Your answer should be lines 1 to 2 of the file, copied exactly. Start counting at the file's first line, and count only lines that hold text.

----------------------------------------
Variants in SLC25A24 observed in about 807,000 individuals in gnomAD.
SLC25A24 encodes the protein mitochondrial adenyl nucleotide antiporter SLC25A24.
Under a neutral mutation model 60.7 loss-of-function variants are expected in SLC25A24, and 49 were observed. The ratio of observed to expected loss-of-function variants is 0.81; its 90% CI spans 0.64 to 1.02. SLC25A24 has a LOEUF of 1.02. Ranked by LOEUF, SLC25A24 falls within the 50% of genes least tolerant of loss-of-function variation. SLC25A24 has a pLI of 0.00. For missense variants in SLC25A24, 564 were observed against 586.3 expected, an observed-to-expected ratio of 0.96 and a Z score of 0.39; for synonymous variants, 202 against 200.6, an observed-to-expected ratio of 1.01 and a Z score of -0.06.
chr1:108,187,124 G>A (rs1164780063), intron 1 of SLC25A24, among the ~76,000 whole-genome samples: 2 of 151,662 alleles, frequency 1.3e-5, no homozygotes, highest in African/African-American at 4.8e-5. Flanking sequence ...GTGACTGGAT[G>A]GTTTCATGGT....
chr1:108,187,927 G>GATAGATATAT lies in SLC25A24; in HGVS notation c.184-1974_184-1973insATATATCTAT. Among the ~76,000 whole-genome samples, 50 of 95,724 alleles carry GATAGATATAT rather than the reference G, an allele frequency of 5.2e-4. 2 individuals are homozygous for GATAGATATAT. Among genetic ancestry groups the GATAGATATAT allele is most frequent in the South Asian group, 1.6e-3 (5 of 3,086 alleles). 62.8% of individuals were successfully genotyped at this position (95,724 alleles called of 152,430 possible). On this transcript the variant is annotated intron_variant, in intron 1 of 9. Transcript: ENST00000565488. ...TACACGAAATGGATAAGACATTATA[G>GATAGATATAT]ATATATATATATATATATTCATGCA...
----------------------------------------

Variants in SLC25A24 observed in about 807,000 individuals in gnomAD.
SLC25A24 encodes the protein mitochondrial adenyl nucleotide antiporter SLC25A24.